"How long did you live in New Orleans?" someone asks.
"Ten years," Posh says.
"You should've seen what happened to me today at the carwash," I say, beginning another fascinating tale.
The other guests have interesting stories as well. James, an actor, has been a guest on " The Tonight Show." He is warm and funny and once did nine shows a week on Broadway. His wife, Priscilla, is equally delightful. Like us, the other couples have had long marriages. James and I commiserate over the joys of sipping from a spouse's coffee cup, when there's a little lipstick on the rim.
I weigh in with a story about T-ball. I explain how, at our opener earlier that day, one of the opposing players hit the ball, ran to first, rounded the base, then dashed straight out to deep center field, as if fleeing the police.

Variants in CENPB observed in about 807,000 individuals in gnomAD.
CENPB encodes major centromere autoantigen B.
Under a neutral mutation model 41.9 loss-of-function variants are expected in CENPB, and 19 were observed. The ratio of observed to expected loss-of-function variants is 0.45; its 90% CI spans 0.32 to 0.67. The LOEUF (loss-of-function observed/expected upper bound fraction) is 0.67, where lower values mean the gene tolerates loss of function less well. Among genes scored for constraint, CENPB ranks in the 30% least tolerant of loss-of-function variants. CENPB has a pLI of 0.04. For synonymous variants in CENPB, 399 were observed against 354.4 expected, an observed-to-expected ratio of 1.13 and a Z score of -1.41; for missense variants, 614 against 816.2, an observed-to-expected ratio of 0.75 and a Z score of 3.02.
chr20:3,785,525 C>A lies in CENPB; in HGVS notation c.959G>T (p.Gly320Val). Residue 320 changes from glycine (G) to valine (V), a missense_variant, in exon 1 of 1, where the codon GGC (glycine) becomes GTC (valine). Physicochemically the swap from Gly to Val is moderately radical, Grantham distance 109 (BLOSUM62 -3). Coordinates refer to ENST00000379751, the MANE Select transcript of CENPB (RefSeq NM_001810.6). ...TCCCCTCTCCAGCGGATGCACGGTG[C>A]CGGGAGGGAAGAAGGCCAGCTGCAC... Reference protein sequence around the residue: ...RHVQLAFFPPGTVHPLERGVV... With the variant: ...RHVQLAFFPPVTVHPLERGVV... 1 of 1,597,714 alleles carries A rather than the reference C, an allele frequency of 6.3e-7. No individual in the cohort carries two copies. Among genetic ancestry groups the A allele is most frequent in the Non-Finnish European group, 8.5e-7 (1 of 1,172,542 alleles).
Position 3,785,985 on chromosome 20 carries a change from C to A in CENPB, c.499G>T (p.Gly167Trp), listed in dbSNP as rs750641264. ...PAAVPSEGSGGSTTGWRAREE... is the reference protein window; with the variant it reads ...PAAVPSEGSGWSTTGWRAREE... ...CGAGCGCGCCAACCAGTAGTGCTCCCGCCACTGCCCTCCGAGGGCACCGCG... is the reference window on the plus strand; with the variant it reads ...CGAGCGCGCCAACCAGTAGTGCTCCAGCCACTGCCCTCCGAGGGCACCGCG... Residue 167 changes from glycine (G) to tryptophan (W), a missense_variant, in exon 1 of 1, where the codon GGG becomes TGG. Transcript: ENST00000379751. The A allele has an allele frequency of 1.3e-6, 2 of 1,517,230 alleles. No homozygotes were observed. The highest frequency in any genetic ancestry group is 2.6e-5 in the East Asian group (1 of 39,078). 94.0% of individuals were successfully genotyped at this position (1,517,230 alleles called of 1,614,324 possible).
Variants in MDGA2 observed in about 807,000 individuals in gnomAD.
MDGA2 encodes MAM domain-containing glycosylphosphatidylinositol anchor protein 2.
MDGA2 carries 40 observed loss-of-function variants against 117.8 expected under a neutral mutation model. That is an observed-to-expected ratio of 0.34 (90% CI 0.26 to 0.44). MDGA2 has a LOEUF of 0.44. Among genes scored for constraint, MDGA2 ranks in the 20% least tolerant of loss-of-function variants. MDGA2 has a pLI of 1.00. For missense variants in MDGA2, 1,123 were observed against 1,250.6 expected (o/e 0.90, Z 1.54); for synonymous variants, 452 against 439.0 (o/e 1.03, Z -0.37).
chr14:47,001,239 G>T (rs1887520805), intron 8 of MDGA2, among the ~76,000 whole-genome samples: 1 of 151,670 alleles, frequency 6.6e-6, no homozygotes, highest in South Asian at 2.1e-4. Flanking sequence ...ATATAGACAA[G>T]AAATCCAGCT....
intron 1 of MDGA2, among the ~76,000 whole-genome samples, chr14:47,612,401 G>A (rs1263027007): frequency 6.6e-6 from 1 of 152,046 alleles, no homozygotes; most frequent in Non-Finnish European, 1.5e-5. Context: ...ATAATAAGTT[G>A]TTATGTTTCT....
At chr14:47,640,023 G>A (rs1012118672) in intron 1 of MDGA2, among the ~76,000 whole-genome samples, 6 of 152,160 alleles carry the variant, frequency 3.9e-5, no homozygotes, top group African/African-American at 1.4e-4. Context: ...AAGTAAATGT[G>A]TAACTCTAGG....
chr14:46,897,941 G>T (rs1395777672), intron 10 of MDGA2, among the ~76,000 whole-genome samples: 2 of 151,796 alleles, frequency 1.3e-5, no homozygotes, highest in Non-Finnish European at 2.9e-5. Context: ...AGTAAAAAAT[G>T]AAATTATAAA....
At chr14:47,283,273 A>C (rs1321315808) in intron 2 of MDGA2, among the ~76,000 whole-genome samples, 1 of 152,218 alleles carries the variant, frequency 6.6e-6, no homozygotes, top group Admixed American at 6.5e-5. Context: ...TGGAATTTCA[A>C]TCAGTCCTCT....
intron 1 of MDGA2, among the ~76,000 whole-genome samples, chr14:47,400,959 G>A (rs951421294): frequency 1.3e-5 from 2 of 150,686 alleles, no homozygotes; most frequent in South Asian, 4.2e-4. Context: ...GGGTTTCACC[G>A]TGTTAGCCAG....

My team, I explain, had no contingency for such a situation.
"Our first baseman, who by now had somehow acquired the ball, looks at me and says "Coach, what the . . . ?"
It's almost 11 now and the party is winding down. We have covered a range of dinner party topics, including:
* The state of newspapers (evidently not very good).
* Twitter (which apparently will replace newspapers).
* Point Reyes oysters (really, really good and may one day replace Twitter).
By the end of the evening, the hostess is telling some story about her breasts. I pretend to be interested but am careful never to make actual eye contact with her breasts.
"We should probably go," my wife says.
Go? I'm not even done licking my plate.
OK, we'll go.
Hey, at least we're talking.
MAN OF THE HOUSE
Dinner party makes for a big night out
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